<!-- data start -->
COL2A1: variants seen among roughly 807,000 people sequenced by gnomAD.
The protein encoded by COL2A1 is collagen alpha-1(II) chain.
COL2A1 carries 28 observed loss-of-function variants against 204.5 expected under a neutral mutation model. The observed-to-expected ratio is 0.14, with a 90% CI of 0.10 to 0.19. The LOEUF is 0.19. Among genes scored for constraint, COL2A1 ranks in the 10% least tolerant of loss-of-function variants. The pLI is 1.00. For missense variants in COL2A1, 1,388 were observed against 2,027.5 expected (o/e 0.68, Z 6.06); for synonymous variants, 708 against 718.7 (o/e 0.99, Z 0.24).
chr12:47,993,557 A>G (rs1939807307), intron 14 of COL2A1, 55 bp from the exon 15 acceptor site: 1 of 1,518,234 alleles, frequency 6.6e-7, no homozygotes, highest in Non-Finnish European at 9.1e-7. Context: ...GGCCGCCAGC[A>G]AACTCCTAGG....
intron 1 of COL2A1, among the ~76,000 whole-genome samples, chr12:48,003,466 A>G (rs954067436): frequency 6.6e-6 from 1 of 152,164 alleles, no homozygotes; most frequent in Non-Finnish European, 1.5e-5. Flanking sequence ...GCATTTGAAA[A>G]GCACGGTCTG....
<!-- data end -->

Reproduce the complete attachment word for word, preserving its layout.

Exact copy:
COL2A1: variants seen among roughly 807,000 people sequenced by gnomAD.
The protein encoded by COL2A1 is collagen alpha-1(II) chain.
COL2A1 carries 28 observed loss-of-function variants against 204.5 expected under a neutral mutation model. The observed-to-expected ratio is 0.14, with a 90% CI of 0.10 to 0.19. The LOEUF is 0.19. Among genes scored for constraint, COL2A1 ranks in the 10% least tolerant of loss-of-function variants. The pLI is 1.00. For missense variants in COL2A1, 1,388 were observed against 2,027.5 expected (o/e 0.68, Z 6.06); for synonymous variants, 708 against 718.7 (o/e 0.99, Z 0.24).
chr12:47,993,557 A>G (rs1939807307), intron 14 of COL2A1, 55 bp from the exon 15 acceptor site: 1 of 1,518,234 alleles, frequency 6.6e-7, no homozygotes, highest in Non-Finnish European at 9.1e-7. Context: ...GGCCGCCAGC[A>G]AACTCCTAGG....
intron 1 of COL2A1, among the ~76,000 whole-genome samples, chr12:48,003,466 A>G (rs954067436): frequency 6.6e-6 from 1 of 152,164 alleles, no homozygotes; most frequent in Non-Finnish European, 1.5e-5. Flanking sequence ...GCATTTGAAA[A>G]GCACGGTCTG....